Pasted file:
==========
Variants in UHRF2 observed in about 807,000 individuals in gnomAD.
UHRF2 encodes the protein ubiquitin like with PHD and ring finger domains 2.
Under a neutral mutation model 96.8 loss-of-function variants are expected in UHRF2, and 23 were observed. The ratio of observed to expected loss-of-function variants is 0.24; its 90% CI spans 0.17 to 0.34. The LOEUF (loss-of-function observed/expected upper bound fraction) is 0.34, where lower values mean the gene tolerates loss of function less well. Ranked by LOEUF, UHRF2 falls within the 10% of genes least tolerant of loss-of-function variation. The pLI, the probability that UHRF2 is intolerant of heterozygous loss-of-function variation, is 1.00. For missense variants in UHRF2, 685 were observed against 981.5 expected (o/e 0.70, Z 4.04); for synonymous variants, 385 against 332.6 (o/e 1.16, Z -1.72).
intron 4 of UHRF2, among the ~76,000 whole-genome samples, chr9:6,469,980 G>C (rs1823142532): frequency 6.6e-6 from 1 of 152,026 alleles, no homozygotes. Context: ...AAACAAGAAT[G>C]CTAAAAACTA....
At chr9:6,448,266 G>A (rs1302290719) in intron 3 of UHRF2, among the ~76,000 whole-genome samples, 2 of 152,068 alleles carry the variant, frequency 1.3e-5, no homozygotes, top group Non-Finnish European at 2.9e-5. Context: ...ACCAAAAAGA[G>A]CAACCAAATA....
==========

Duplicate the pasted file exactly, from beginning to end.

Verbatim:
Variants in UHRF2 observed in about 807,000 individuals in gnomAD.
UHRF2 encodes the protein ubiquitin like with PHD and ring finger domains 2.
Under a neutral mutation model 96.8 loss-of-function variants are expected in UHRF2, and 23 were observed. The ratio of observed to expected loss-of-function variants is 0.24; its 90% CI spans 0.17 to 0.34. The LOEUF (loss-of-function observed/expected upper bound fraction) is 0.34, where lower values mean the gene tolerates loss of function less well. Ranked by LOEUF, UHRF2 falls within the 10% of genes least tolerant of loss-of-function variation. The pLI, the probability that UHRF2 is intolerant of heterozygous loss-of-function variation, is 1.00. For missense variants in UHRF2, 685 were observed against 981.5 expected (o/e 0.70, Z 4.04); for synonymous variants, 385 against 332.6 (o/e 1.16, Z -1.72).
intron 4 of UHRF2, among the ~76,000 whole-genome samples, chr9:6,469,980 G>C (rs1823142532): frequency 6.6e-6 from 1 of 152,026 alleles, no homozygotes. Context: ...AAACAAGAAT[G>C]CTAAAAACTA....
At chr9:6,448,266 G>A (rs1302290719) in intron 3 of UHRF2, among the ~76,000 whole-genome samples, 2 of 152,068 alleles carry the variant, frequency 1.3e-5, no homozygotes, top group Non-Finnish European at 2.9e-5. Context: ...ACCAAAAAGA[G>A]CAACCAAATA....